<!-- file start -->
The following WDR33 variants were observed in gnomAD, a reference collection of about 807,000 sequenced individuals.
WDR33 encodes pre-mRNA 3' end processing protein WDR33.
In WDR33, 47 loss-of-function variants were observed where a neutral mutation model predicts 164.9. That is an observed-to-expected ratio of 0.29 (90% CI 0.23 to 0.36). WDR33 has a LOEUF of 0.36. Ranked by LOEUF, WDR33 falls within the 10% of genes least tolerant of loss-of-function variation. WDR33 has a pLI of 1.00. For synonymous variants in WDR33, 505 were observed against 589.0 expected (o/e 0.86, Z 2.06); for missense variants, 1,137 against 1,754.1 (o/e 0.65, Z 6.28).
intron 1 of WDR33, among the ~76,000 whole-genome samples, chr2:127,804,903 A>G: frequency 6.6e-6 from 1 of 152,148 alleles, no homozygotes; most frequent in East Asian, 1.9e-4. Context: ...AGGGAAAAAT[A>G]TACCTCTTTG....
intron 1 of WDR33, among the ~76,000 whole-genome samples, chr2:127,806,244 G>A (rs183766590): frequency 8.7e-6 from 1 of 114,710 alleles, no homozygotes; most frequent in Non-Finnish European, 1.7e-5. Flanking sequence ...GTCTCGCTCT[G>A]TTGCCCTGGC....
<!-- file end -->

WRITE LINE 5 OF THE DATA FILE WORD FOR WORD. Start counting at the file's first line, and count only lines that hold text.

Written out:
intron 1 of WDR33, among the ~76,000 whole-genome samples, chr2:127,806,244 G>A (rs183766590): frequency 8.7e-6 from 1 of 114,710 alleles, no homozygotes; most frequent in Non-Finnish European, 1.7e-5. Flanking sequence ...GTCTCGCTCT[G>A]TTGCCCTGGC....